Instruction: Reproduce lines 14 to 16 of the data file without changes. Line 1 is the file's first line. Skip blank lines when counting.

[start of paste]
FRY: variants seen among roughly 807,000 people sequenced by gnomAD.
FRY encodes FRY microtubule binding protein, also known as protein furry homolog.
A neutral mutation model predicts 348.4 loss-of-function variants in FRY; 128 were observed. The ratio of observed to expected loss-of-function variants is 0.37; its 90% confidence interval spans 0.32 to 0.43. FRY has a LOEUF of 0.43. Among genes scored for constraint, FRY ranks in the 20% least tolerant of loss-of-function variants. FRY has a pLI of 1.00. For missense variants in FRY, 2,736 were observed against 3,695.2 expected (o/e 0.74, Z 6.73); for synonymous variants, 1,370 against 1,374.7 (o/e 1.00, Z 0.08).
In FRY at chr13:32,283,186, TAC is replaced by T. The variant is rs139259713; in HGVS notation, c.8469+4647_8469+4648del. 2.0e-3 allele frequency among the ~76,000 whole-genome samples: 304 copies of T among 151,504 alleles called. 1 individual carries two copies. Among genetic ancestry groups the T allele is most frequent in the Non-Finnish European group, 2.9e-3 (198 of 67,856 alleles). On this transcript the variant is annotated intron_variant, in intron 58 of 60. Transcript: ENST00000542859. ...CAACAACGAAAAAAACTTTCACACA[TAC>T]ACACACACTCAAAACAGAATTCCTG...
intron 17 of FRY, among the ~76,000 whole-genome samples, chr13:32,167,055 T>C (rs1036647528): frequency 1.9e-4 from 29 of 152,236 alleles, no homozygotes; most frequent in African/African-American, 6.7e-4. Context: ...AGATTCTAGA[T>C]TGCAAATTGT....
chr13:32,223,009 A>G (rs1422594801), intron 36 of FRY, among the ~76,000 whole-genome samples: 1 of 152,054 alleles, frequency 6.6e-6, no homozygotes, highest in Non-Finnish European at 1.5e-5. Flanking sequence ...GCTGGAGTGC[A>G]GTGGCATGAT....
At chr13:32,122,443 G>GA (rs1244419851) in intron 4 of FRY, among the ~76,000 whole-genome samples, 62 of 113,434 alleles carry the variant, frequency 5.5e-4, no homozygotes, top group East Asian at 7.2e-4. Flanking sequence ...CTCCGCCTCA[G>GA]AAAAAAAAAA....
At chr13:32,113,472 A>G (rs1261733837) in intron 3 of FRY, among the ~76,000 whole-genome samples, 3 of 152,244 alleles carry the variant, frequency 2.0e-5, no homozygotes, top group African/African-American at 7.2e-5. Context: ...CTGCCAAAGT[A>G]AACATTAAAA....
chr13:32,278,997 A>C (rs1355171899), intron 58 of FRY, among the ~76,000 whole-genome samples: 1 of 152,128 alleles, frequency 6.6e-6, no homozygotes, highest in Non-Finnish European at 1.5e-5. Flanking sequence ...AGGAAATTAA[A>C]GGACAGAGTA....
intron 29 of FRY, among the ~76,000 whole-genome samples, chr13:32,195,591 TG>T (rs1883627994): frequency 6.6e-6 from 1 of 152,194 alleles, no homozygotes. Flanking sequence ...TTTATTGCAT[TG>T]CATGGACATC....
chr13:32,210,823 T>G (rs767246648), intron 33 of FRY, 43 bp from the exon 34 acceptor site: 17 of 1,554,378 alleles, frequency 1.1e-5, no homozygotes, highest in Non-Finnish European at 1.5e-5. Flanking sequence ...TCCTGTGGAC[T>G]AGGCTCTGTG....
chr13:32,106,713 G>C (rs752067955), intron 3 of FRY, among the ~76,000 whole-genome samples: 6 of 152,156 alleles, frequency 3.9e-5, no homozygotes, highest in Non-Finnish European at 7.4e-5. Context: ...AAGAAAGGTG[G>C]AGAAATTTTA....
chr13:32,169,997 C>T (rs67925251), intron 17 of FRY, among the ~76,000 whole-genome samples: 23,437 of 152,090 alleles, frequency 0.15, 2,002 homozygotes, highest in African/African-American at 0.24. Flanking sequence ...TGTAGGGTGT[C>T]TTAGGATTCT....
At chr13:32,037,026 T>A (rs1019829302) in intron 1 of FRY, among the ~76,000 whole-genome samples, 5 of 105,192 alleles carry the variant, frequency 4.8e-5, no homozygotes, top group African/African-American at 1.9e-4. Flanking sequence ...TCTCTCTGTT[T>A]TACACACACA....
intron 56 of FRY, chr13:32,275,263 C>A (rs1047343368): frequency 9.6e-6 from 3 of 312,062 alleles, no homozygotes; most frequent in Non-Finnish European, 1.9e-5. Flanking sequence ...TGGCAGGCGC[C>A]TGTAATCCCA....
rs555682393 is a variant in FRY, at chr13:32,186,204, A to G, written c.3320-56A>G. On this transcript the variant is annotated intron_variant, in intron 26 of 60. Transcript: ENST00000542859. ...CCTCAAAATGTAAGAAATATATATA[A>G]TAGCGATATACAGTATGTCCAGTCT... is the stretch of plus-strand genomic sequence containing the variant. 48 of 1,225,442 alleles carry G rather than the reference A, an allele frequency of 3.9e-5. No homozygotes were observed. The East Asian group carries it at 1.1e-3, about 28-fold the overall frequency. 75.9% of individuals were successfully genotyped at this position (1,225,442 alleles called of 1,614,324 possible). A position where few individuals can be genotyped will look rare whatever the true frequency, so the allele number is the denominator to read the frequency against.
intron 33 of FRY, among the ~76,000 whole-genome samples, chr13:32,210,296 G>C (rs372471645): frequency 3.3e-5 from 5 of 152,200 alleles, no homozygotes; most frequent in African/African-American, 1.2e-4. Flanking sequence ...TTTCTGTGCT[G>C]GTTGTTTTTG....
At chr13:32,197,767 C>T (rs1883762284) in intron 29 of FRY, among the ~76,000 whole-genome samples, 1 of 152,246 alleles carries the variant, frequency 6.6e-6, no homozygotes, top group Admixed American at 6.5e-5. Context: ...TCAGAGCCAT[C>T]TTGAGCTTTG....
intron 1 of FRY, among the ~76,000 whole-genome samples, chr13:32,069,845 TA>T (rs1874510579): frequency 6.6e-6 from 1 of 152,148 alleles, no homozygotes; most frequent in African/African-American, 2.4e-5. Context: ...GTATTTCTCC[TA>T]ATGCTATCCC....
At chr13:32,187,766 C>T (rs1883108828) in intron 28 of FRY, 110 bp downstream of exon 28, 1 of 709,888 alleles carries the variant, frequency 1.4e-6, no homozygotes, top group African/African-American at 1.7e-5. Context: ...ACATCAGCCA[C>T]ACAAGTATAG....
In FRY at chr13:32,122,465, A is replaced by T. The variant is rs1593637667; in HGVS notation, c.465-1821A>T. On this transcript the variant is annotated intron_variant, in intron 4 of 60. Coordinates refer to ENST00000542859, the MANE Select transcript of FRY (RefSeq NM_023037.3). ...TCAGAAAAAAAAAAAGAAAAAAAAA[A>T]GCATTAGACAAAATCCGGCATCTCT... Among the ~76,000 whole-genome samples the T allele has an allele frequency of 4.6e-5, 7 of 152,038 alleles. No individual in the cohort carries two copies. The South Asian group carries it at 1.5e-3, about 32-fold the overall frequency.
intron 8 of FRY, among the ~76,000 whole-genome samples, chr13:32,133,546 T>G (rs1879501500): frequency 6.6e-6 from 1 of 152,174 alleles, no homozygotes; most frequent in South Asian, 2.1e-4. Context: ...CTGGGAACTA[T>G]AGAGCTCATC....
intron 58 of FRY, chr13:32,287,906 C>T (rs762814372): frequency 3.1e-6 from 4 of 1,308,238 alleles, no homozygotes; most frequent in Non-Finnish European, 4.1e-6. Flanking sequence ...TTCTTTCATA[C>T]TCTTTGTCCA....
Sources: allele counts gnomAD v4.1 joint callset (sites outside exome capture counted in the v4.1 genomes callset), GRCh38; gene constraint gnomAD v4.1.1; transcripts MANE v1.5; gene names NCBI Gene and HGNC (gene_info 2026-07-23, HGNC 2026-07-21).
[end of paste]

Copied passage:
At chr13:32,037,026 T>A (rs1019829302) in intron 1 of FRY, among the ~76,000 whole-genome samples, 5 of 105,192 alleles carry the variant, frequency 4.8e-5, no homozygotes, top group African/African-American at 1.9e-4. Flanking sequence ...TCTCTCTGTT[T>A]TACACACACA....
intron 56 of FRY, chr13:32,275,263 C>A (rs1047343368): frequency 9.6e-6 from 3 of 312,062 alleles, no homozygotes; most frequent in Non-Finnish European, 1.9e-5. Flanking sequence ...TGGCAGGCGC[C>A]TGTAATCCCA....
rs555682393 is a variant in FRY, at chr13:32,186,204, A to G, written c.3320-56A>G. On this transcript the variant is annotated intron_variant, in intron 26 of 60. Transcript: ENST00000542859. ...CCTCAAAATGTAAGAAATATATATA[A>G]TAGCGATATACAGTATGTCCAGTCT... is the stretch of plus-strand genomic sequence containing the variant. 48 of 1,225,442 alleles carry G rather than the reference A, an allele frequency of 3.9e-5. No homozygotes were observed. The East Asian group carries it at 1.1e-3, about 28-fold the overall frequency. 75.9% of individuals were successfully genotyped at this position (1,225,442 alleles called of 1,614,324 possible). A position where few individuals can be genotyped will look rare whatever the true frequency, so the allele number is the denominator to read the frequency against.